So, the other day I was on Facebook, and made a few disparaging comments about where I went to high school. I was referring to the high school itself, and also the town where I was living at the time.
I completed grades 11 and 12 (junior and senior year for those more familiar with the US system) in Townsville. It’s a city of about 200k in North Queensland, Australia. Commonly referred to as redneck central. I’m not saying that I agree with that term, but it has an element of truth to it in my experience. I’m not saying that in ignorance, I lived there for 10 years – when I graduated high school, I then went on to attend James Cook University.
My comments on Facebook were basically referring to the fact that I wasn’t especially keen on the thought of moving back there. Without going into details, the whole moving thing relates to a potential job.
I got blasted for it by one person on my friends list – she happens to be Townsville born and raised, and never lived anywhere else in her life. This is also someone who I’ve not actually spoken to in the 16 years since I graduated high school, and someone I was never especially close to in high school in the first place. We’re Facebook friends, but we don’t actually talk to each other. She knows absolutely nothing about my life – and I think it’s a bit rich for her to criticise me for my comments under the circumstances. Ultimately I think that limited life experience happens to explain the whole incident, but still…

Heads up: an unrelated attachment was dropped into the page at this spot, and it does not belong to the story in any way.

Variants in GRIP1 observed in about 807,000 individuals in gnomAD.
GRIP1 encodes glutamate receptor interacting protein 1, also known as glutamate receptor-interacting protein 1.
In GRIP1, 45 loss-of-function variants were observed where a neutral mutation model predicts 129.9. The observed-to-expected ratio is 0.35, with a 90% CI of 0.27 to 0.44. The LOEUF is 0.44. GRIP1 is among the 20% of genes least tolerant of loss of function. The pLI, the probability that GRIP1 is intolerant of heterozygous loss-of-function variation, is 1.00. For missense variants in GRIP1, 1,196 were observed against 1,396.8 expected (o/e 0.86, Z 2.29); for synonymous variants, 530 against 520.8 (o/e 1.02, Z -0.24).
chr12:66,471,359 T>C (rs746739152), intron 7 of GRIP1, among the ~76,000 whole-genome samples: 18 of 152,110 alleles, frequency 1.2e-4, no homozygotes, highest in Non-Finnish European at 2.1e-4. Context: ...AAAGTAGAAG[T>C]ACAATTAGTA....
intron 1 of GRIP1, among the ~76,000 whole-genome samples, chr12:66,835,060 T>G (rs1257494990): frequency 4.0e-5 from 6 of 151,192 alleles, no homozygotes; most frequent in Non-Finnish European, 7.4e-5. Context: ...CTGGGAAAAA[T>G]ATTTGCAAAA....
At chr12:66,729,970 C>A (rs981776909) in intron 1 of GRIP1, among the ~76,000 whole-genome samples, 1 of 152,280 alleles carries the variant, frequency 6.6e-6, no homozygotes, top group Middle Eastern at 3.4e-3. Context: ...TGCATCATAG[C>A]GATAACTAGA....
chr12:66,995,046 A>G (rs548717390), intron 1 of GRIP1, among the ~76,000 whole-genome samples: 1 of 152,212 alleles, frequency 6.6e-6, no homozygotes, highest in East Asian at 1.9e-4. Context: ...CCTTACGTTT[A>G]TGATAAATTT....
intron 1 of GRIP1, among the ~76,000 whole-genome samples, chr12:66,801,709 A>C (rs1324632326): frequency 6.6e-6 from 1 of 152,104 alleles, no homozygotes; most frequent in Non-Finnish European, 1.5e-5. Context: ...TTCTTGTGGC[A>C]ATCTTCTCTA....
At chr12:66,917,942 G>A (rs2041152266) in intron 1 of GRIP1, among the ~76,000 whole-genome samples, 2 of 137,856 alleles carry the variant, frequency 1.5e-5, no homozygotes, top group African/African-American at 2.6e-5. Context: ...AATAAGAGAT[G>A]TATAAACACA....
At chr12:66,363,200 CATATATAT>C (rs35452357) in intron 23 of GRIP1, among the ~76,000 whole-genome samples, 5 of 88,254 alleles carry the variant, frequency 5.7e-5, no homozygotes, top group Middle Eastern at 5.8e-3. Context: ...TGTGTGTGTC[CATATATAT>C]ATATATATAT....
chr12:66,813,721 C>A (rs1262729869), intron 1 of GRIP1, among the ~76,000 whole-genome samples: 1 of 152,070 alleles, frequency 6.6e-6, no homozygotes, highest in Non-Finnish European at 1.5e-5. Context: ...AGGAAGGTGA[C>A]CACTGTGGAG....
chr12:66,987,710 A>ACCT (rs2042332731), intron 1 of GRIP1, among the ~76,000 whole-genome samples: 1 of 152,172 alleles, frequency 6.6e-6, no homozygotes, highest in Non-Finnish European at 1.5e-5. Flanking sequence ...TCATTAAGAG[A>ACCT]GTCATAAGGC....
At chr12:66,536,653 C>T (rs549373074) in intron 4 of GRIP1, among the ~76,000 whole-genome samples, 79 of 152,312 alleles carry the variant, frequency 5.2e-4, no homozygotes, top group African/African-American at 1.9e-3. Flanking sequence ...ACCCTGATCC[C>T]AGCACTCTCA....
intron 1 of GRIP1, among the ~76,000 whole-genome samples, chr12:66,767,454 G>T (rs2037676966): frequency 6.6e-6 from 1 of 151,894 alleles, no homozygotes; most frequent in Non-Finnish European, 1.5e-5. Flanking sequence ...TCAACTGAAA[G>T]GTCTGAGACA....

Quite a number of my friends live in Townsville, or lived there before moving on. The rest of them pretty much agreed with my apprehension about moving back. I mean, the fact that “we have a Myer store now!” seemed to be its best selling point? Speaks volumes.
But back to the friend who blasted me for not liking the place a whole lot – she said that I shouldn’t say anything bad about the place because it gave me an education.
Thought provoking. Who exactly is responsible for my education and my success?
Sorry, but it’s not Townsville.
I went to an absolutely terrible high school in Townsville. The bullying was horrific, the teachers refused to do anything about it, the administration refused to do anything about it. In fact, some of the teachers were the ones responsible for the bullying in the first place. I had one teacher who told me that the most I could hope for was to work as a secretary in a lab when I mentioned wanting to be a scientist – because women don’t belong in science. That was the culture that prevailed at the school, and was also quite prevalent in the local community.
I worked my ass off to graduate near the top of the class and get into the degree I wanted at university. I did that not because of the school or the city, but in spite of it.
Then, university. I had to deal with a bunch of other crap at university, and yet again managed to succeed in spite of certain circumstances.
Living in Townsville was not a pleasant experience for me, and in the end I left.
I had the experience of growing up elsewhere, so knew that some of the things that happened in Townsville weren’t normal, weren’t acceptable – as much as some of the locals just seemed to take it as such. I’d also been to other schools, and I knew that the attitude of the teachers and administration wasn’t acceptable.
So should I be eternally grateful to Townsville for providing me with an education? No. I got myself an education and succeeded despite Townsville, not because of it.